U.S. CitiesCity-Data Forum Index
Go Back   City-Data Forum > General Forums > Education > Colleges and Universities
 [Register]
Please register to participate in our discussions with 2 million other members - it's free and quick! Some forums can only be seen by registered members. After you create your account, you'll be able to customize options and access all our 15,000 new posts/day with fewer ads.
View detailed profile (Advanced) or search
site with Google Custom Search

Search Forums  (Advanced)
 
Old Yesterday, 05:44 PM
 
6,874 posts, read 10,048,721 times
Reputation: 5224

Advertisements

Comparing the 2000 and 2014 lists of colleges where students owe the most total debt, one can see an obvious difference. The 2014 list includes many more for-profit colleges.

https://www.brookings.edu/wp-content...anDefaults.png

For-profit colleges and private and public 2-year colleges account for the increase in student loan defaults, but the average amount defaulted on at community colleges is around $5,000.

https://www.pewtrusts.org/en/researc...unity-colleges

https://www.brookings.edu/wp-content...anDefaults.png

University of Phoenix, Devry, Kaplan, Strayer, Ashford, and Grand Canyon University had disturbingly high 5-year student loan default rates in 2014. They were also among the colleges responsible for the most accumulated debt.

https://www.brookings.edu/wp-content...Fall15BPEA.pdf

The majority of students who default between 3 to 5 years attended for-profit colleges.

https://www.forbes.com/sites/derekne.../#7cb180b630e5

For-profit colleges have worse labor market outcomes. Additionally, those who earn associate's degrees at non-profit and public colleges see large, statistically significant benefits but for-profit students do not.

https://www.nber.org/papers/w25042.pdf
https://www.nber.org/papers/w18201

For-profit colleges have been disastrous for African American students. The student bodies at for-profit colleges are disproportionately African American, and AA students have more debt than AA students at non-profit colleges.

https://www.responsiblelending.org/s...mary-April.pdf

This article compares the 12-year (and 12-year projected) default rates among students who started school in 1996 vs. 2004. The default rates for for-profit colleges was 46.5% among those starting school in 2004. The next highest sector, private non-profits, had a default rate of 13.2%. AA students had the highest student loan default rates at 37.5%.

In the 2015-2016 school year, half of black doctoral students were attending for-profit colleges. Overall, for-profit colleges only had 17% of doctoral students. 80% borrowed an average of $109,000 for their for-profit doctoral degrees.

https://hechingerreport.org/opinion-...use-for-alarm/
Reply With Quote Quick reply to this message

 
Old Yesterday, 06:34 PM
 
6,874 posts, read 10,048,721 times
Reputation: 5224
This article nicely summarizes the stats with graphics.

https://capseecenter.org/research/by...e-infographic/

Community colleges often get compared to for-profit colleges because of the student loan defaults. There are multiple problems with this comparison. The amount CC students are defaulting on is far lower, fewer CC students borrow in the first place because CCs are cheap, and the 12-year default rates of CCs and for-profit colleges aren't even close.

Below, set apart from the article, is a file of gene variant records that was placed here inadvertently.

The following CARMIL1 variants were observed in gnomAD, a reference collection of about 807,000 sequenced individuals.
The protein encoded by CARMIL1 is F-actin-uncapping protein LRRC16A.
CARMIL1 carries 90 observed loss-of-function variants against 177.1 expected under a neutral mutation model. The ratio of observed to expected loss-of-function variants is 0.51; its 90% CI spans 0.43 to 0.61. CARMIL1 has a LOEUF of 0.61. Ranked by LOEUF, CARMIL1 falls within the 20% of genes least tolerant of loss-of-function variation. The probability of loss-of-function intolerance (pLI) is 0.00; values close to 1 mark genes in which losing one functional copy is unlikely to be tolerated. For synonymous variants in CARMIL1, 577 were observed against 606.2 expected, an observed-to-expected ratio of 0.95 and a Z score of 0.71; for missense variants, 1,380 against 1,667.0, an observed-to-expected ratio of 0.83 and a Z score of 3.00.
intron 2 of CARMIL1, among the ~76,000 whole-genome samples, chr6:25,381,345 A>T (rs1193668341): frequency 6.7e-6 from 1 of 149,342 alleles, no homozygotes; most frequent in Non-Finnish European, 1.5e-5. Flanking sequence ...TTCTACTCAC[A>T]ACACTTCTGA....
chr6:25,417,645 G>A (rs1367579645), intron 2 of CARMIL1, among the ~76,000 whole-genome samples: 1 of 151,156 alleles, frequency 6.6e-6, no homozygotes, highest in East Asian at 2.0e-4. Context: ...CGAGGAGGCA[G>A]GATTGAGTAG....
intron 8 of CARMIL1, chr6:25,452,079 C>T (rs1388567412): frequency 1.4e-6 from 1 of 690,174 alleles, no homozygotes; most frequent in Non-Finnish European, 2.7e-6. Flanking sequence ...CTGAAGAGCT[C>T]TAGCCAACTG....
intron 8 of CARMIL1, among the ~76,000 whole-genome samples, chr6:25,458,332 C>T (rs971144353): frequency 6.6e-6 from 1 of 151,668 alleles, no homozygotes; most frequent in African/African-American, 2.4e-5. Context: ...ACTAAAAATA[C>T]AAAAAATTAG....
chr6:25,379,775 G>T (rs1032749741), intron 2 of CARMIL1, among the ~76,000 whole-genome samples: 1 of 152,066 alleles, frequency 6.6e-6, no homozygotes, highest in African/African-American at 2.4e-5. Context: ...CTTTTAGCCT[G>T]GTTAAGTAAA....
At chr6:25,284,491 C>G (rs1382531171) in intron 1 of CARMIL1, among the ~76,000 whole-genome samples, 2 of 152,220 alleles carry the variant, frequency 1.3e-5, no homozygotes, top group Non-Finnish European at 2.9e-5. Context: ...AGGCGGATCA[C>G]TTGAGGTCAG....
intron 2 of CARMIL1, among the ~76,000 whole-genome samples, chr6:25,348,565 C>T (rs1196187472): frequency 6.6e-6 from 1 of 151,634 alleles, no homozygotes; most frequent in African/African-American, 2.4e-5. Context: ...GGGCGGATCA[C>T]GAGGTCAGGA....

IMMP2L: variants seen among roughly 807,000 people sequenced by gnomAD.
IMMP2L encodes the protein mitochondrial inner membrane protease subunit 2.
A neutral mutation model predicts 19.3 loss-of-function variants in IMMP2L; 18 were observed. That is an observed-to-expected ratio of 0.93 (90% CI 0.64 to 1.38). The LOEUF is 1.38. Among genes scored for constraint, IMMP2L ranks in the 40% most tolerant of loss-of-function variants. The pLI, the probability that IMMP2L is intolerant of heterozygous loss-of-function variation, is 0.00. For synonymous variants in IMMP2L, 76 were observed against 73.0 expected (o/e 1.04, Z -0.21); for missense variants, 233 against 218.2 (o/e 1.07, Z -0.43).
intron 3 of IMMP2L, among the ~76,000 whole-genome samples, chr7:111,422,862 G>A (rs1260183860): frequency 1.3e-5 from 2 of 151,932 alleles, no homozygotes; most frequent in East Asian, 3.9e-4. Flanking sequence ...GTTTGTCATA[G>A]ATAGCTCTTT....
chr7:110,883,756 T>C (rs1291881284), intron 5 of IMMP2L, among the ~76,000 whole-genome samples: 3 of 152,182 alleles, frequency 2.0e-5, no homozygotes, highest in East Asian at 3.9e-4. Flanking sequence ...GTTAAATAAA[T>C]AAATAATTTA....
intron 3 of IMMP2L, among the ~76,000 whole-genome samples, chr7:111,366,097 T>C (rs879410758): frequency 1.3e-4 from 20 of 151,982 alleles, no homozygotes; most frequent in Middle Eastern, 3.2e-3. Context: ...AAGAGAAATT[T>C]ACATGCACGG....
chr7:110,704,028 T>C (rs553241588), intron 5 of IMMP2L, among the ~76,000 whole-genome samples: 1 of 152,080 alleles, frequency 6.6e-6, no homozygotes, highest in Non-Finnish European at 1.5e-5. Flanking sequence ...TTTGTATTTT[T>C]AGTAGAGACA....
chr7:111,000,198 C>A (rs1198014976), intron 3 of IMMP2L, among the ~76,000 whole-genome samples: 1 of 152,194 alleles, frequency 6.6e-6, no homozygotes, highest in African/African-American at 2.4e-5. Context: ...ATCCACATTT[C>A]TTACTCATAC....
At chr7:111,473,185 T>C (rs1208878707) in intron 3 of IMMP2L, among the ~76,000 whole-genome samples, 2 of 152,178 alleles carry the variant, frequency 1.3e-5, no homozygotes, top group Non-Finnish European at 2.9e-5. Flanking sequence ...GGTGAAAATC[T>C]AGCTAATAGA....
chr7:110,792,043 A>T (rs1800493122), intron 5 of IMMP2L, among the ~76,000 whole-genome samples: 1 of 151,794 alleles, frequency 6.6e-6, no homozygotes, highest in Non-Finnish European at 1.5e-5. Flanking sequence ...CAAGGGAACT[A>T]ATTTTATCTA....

Reply With Quote Quick reply to this message
 
Old Yesterday, 08:13 PM
 
7,829 posts, read 8,649,209 times
Reputation: 6069
Quote:
Originally Posted by L210 View Post
This article nicely summarizes the stats with graphics.

https://capseecenter.org/research/by...e-infographic/

Community colleges often get compared to for-profit colleges because of the student loan defaults. There are multiple problems with this comparison. The amount CC students are defaulting on is far lower, fewer CC students borrow in the first place because CCs are cheap, and the 12-year default rates of CCs and for-profit colleges aren't even close.
Excellent posts. I can't find it but The NYT ran a great piece about all this a year or so ago. The notion of college for all free or not sort of falls apart upon cross examination with what you've posted.........students who are not well prepared simply don't finish and many that do struggle to find decent work.
Reply With Quote Quick reply to this message
 
Old Yesterday, 08:36 PM
 
269 posts, read 40,518 times
Reputation: 436
The entire higher education system can be blamed. It can easily be argued that almost every higher ed institution out there is operating like a "for-profit" these days. Tuition, fees, expenses, books, etc. are astronomical. Students are getting saturated in loan debt regardless of where they go. Higher ed "institutions" have no accountability in terms of job placement rates or quality of degrees offered. Tons of useless degrees out there that have no marketability in the real world yet are commanding $50K+ to acquire.
Students are left holding the bag and the colleges and universities are laughing all the way to the bank. The whole system is broken.
Reply With Quote Quick reply to this message
 
Old Yesterday, 09:00 PM
 
6,874 posts, read 10,048,721 times
Reputation: 5224
"Marketable" is subjective because people's idea of what's marketable often doesn't align with reality. There are only a handful of common majors that have most of its graduates in jobs that don't require a degree. Many of the unmarketable majors people often mention have relatively few graduates. For example, gender studies, women's studies, Chicano studies, African diaspora studies, and similar programs are some of the least popular majors in the U.S.